By Jeff Miller
Special to The Texas Catholic
Ayen Angoi sat front and center — literally — during Bishop Lynch’s graduation ceremony held at Garland’s Culwell Center on Sunday, May 15. It was one of the perks of alphabetical seating.
“It felt really good,” she said of graduating days later with a broad smile.
The four-year growth felt by the school’s 257 graduates was likely particularly pronounced for Angoi. In the classroom, the softspoken daughter of Sudanese refugees developed into a member of the school’s social studies honor society and was active in the Pan Africa Club.
On the basketball court, she went from being a sophomore who began the season on the junior varsity to the starting varsity center as a senior, helped win a state championship along the way and earned an athletic scholarship to Louisiana Tech University in Ruston, Louisiana.
As she and her classmates dealt in recent years with the unprecedented adjustments to school life caused by the COVID-19 pandemic, Ayen (pronounced EYE-yen) also dealt with the sudden death of her 13-year-old brother, Deng, who had high-level autism. She and older sister Nyankor were often Deng’s primary caregivers with their parents working long hours.
“When it happened (in May 2020), I was struggling a lot,” she said. “It all happened like in the span of a week. We didn’t expect it.”
Longtime Lady Friars coach Andy Zihlman learned that funeral attendance would be restricted. Through the efforts of Bishop Lynch board of directors member Tony Parsons, Zihlman and other school personnel plus some girls basketball players were able to attend.
The Angoi family came to the United States in 2001 because of the civil war in their homeland that led to the creation of South Sudan. They live in Garland and are parishioners at Dallas’ St. Patrick Catholic Church, where Ayen attended school before arriving at Bishop Lynch.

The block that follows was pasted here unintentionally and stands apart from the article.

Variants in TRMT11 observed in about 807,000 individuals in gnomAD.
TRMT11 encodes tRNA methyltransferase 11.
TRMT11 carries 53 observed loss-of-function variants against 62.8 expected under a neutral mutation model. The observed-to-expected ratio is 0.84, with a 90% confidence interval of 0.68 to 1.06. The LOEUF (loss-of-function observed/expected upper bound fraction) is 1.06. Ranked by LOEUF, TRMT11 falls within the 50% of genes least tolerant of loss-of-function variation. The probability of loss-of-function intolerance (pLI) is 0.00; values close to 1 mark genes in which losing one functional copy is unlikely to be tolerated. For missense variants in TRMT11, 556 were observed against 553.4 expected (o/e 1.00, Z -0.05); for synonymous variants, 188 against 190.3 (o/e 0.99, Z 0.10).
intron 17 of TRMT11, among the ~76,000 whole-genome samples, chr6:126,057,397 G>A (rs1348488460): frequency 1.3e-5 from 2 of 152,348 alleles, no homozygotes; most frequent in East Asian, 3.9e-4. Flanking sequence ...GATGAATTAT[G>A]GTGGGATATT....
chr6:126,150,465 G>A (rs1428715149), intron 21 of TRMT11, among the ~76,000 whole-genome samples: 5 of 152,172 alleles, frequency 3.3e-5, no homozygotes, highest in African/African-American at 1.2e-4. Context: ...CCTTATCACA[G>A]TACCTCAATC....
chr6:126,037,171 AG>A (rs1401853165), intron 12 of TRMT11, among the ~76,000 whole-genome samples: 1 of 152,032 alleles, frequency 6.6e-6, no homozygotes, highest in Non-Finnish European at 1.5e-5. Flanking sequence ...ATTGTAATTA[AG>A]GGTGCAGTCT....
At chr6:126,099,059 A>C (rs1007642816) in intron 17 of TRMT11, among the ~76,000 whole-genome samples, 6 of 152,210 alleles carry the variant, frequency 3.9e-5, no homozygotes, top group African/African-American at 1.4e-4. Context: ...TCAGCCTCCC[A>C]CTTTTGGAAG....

Ayen led the basketball team this past season in rebounds (7.3 per game) and was the No. 3 scorer (23.3 points per game). Zihlman recalled assigning her to the JV two seasons ago.
“She wasn’t real happy about that,” he said. “We were just trying to get her to work a little harder. And she did. I told her there was a kind of method to my madness.”
Ayen said she learned along the way from fellow senior Maddie Cockrell (bound for UT-San Antonio) and former Lady Friars standouts Paige Bradley (TCU) and Endyia Rogers (Oregon).
“Players that want to help you do better,” she said.
Ayen excelled as a junior in the state championship win over The Village from Houston despite a challenging matchup against opposing center Jada Malone (about three inches taller), now at Texas A&M.
“Made her cry after the game — I was complimenting her,” Zihlman said. “I’ll be honest with you — we were both crying.”
Ayen will report to Louisiana Tech in June and plans a career after college in either wildlife biology or computer science.
Read more about the Class of 2022 from Catholic schools around the Diocese of Dallas in the June 17 print edition of The Texas Catholic.